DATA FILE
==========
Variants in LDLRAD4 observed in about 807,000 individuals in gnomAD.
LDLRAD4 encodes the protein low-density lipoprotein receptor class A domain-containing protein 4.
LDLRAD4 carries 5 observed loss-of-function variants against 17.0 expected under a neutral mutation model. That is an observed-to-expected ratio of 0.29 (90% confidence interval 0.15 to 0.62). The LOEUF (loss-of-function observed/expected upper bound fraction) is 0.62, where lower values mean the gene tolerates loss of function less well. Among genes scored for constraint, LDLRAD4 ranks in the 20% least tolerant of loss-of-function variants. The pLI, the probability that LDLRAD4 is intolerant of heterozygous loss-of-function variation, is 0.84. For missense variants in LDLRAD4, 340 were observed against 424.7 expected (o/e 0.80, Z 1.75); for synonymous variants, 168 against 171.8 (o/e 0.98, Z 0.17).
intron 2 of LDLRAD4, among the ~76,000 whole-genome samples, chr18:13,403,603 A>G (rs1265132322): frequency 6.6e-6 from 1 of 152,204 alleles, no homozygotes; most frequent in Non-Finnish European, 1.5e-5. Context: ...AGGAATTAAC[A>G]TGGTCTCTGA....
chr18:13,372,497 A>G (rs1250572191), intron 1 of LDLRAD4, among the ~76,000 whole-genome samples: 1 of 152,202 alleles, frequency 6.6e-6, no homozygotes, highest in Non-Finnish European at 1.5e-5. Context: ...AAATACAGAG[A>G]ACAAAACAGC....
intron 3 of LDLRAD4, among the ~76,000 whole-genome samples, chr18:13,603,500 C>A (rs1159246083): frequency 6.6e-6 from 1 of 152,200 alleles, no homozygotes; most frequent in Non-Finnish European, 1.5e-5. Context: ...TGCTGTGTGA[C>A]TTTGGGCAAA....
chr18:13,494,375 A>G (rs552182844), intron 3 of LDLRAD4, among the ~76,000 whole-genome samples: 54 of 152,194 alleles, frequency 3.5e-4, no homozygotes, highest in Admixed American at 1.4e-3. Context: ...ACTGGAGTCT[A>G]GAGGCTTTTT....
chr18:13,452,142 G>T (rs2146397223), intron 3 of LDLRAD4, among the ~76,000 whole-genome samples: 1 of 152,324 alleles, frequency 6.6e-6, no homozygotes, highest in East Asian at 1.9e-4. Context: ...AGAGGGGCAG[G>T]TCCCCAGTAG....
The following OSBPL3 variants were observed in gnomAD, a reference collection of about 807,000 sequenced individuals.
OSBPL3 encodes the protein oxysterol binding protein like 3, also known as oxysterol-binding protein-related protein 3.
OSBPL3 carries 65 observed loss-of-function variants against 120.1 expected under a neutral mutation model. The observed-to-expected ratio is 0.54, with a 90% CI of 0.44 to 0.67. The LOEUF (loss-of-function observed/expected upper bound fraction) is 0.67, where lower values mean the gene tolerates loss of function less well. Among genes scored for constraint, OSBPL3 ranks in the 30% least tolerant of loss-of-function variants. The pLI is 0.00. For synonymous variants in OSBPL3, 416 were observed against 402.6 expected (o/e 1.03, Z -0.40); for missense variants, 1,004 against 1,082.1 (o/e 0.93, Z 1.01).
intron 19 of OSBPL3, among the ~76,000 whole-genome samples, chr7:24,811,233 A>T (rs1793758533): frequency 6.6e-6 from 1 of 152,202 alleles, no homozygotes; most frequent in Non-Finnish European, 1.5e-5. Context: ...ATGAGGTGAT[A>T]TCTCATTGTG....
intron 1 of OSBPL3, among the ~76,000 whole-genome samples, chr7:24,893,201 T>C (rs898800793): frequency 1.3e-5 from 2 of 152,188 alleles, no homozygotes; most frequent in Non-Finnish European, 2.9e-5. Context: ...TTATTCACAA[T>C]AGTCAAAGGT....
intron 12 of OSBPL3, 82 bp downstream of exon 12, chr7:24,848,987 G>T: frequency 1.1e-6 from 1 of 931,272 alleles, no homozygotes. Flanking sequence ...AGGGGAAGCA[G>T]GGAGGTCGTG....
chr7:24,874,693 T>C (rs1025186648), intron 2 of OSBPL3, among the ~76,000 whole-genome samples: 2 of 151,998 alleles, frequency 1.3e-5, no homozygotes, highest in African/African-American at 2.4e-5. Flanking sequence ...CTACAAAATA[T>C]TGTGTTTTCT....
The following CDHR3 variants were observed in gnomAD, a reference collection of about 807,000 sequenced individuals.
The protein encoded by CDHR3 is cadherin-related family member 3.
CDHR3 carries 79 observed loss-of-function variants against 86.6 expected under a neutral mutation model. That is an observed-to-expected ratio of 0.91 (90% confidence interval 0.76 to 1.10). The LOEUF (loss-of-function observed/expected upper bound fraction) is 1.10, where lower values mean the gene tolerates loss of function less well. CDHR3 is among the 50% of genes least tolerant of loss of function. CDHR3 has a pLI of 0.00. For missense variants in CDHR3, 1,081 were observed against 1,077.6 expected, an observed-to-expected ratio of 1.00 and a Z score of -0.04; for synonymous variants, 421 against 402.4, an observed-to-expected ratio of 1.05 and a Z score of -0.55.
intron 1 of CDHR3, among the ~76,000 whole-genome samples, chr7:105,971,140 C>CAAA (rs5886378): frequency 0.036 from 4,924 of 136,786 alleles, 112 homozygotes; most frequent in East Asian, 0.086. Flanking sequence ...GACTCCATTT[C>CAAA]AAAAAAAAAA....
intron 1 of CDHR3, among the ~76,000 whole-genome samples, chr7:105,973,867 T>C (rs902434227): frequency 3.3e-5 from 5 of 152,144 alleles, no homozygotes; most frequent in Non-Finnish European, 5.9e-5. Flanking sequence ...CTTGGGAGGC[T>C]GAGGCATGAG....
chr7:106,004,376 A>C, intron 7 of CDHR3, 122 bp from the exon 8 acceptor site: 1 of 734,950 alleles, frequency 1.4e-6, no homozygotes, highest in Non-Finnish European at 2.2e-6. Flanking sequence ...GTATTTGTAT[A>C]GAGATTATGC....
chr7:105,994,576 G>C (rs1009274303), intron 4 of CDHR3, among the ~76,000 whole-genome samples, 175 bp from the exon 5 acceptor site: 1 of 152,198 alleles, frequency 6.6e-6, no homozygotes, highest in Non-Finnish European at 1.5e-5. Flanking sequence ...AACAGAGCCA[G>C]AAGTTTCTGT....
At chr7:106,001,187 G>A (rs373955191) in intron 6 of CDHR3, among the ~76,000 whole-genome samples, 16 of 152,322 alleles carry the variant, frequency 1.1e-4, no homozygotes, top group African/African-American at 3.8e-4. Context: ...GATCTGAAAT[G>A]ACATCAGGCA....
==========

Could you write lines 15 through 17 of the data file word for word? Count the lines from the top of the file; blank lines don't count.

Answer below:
chr7:24,874,693 T>C (rs1025186648), intron 2 of OSBPL3, among the ~76,000 whole-genome samples: 2 of 151,998 alleles, frequency 1.3e-5, no homozygotes, highest in African/African-American at 2.4e-5. Flanking sequence ...CTACAAAATA[T>C]TGTGTTTTCT....
The following CDHR3 variants were observed in gnomAD, a reference collection of about 807,000 sequenced individuals.
The protein encoded by CDHR3 is cadherin-related family member 3.